Unable to head to the Canary Islands sunshine because of pandemic restrictions, our resident watersports fan Maz Gordon journeyed to England’s sunny south coast to try her hand at Wing Foiling.
My “holiday wife” and I had planned to go to Fuerteventura this year. Owing to You Know What, our trip this was cancelled, so when we saw a deal for the Parkdean Holiday Park, we decided to go for a beach holiday at Camber Sands in Sussex instead.
I’d been thinking about learning to Kite surf for a while. However, when I spoke to some local wind sports experts, they recommended I try a new sport, Wing Foiling, as you get many more days with the right weather to go out in. Wing Foilers are those people who look like they are surfing above the water as they have a foil under the board that lets them “fly” above water level. They are propelled by a handheld “wing” instead of a kite. Apparently, it’s much safer than other wind sports and I’d be less likely to pick up an injury which, it has to be said, is A Good Thing.
I powered up the laptop and found that The Foiling Collective, the UK’s leading Wing Foiling school, hold lessons in Littlestone, just 20 minutes from our caravan park. One phone call and I was soon persuaded that our staycation was going to be a Wing Foiling holiday, so I booked us both in for three one-to-one beginner lessons.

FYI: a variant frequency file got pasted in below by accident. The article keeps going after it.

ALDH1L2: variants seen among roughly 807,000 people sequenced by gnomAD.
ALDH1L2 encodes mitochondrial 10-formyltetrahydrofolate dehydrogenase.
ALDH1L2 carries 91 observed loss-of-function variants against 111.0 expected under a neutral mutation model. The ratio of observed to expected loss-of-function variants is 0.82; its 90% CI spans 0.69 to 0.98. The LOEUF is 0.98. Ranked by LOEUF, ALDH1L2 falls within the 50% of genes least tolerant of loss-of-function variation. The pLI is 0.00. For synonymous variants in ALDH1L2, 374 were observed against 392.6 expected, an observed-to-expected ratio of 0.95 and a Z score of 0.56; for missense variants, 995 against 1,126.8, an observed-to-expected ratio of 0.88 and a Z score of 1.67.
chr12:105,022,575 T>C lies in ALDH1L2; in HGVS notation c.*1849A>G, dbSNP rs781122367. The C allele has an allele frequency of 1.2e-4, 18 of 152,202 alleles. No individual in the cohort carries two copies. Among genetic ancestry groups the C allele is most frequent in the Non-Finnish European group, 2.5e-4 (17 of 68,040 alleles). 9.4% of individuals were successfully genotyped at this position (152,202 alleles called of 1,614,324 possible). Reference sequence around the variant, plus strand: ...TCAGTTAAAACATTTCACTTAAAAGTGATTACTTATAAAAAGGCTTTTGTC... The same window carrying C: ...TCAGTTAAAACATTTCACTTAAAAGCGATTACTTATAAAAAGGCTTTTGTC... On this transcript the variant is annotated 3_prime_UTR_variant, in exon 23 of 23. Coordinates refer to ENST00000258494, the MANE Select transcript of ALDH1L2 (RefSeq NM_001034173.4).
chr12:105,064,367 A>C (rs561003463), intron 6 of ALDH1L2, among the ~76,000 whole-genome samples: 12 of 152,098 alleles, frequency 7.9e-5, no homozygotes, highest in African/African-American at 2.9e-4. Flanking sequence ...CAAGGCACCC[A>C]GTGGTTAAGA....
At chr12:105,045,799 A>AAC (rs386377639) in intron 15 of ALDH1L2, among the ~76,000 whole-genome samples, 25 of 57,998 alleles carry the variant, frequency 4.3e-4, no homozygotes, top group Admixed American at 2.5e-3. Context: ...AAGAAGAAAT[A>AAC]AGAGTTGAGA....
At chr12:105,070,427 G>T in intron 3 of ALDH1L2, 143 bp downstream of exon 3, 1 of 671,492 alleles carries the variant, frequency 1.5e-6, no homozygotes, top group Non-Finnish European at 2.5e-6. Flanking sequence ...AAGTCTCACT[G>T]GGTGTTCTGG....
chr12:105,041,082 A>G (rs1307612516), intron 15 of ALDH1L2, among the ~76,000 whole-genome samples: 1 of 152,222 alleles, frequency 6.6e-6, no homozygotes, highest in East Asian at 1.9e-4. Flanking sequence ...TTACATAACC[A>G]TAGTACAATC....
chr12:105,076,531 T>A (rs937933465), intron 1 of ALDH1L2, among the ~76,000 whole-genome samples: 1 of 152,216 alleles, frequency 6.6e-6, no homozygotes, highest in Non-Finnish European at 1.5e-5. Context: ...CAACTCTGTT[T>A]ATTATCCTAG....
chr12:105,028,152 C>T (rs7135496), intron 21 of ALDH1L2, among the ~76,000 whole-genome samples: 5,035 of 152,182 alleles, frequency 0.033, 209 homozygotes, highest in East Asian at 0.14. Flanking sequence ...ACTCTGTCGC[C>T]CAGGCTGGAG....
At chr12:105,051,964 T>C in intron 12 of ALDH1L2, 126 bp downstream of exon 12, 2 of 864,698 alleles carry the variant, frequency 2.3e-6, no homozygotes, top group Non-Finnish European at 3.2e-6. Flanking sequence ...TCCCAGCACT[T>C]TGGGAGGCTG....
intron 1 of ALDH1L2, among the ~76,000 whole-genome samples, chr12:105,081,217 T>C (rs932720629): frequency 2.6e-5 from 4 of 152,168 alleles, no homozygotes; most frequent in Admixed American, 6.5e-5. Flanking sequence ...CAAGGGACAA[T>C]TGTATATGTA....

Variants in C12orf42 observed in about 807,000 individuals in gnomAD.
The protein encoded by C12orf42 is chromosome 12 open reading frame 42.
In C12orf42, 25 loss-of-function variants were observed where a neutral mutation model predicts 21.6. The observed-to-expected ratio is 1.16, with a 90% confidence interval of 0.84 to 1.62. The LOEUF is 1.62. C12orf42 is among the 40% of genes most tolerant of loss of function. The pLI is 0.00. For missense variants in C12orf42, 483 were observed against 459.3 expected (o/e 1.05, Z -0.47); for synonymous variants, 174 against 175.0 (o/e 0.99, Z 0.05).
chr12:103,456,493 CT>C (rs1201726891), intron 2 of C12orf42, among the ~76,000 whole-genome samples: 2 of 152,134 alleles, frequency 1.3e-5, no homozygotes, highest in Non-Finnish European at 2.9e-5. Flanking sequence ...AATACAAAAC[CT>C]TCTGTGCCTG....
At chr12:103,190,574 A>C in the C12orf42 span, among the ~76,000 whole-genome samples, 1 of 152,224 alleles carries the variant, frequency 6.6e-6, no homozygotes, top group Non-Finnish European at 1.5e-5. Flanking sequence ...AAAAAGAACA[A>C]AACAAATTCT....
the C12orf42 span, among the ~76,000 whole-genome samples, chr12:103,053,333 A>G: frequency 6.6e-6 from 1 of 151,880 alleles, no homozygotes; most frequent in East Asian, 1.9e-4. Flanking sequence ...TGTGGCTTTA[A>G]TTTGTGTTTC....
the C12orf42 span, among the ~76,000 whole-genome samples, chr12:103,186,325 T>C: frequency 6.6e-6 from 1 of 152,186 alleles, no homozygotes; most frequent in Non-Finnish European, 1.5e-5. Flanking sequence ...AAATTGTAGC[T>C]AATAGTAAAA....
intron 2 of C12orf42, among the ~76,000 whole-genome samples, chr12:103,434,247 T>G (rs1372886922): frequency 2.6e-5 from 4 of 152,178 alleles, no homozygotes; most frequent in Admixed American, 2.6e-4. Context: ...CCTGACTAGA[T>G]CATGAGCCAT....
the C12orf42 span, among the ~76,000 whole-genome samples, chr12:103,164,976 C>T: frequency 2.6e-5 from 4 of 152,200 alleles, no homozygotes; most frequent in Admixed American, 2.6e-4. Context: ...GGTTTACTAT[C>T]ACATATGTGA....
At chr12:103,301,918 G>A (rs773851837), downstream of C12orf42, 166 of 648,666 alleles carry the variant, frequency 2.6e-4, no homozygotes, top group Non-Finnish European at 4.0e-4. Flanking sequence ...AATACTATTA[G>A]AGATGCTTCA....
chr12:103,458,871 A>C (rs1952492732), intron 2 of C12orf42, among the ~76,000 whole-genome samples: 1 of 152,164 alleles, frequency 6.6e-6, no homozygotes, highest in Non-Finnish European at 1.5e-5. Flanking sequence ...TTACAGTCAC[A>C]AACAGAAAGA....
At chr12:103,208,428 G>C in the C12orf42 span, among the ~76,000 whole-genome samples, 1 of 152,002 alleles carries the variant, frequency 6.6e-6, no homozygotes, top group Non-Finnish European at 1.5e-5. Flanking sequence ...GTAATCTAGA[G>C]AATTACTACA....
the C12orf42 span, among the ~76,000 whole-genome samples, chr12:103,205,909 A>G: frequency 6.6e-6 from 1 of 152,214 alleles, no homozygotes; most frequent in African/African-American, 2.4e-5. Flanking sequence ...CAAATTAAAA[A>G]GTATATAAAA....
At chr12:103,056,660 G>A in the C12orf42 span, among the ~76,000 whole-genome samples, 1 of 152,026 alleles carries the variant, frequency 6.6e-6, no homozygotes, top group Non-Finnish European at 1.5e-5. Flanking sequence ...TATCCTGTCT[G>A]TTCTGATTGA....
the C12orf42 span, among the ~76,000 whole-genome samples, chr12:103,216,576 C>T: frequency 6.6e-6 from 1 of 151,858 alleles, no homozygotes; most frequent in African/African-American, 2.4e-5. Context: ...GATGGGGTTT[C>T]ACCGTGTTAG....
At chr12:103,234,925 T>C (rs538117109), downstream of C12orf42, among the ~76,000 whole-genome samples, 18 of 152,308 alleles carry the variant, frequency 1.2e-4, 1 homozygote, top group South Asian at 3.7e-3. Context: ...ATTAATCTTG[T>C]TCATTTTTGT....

We awoke up to see the trees bending at the boughs. I was worried this would mean no wing foiling but when we contacted Jimmy, our instructor, he explained that when it’s a higher wind, we could just use a smaller kite. Our first lesson kicked off on the beach rather than on the choppy channel, and Jimmy taught me how to control the wing and, once I had got the hang of using the wind to take me downwind, I quickly progressed onto the water. The wind definitely made staying on the board a challenge, as I had to turn the board each time before the waves could flip me over. The foiling collective provided me with a full kit including a helmet. As I was a beginner, I started with a large board, similar to a SUP board used in paddle-boarding, and was told that I’d progress on to a smaller board once I’d learned the basics.
On the plus side, having a very windy day to start with made day two seem much easier. It was much more straightforward not only to get on the board but to stay on it for longer.
By day three, I was loving my new hobby so much that I’d sought out a second hand foil online! The lovely guys at the Foiling Collective sell equipment and were really helpful with advising me about what to buy, so in the end I got some of it new and some second hand. It’s not a cheap hobby from the point of view of buying equipment but my rationale was that once I’d bought equipment and had some lessons to get me started, there are no weekly outgoings as the sea is free. I planned to standing up on my board by day three but I was much more confident kneeling than standing! Baby Steps!
So, after three lessons, I had a suntan on my hands and face and was hooked on my new hobby. Be prepared to feel your arm muscles and to give your abs a decent workout: it’s hard work to get it right but immensely satisfying when you do. Highly recommended for watersports enthusiasts!
For more information about Wing Foiling check out: https://www.thefoilingcollective.com/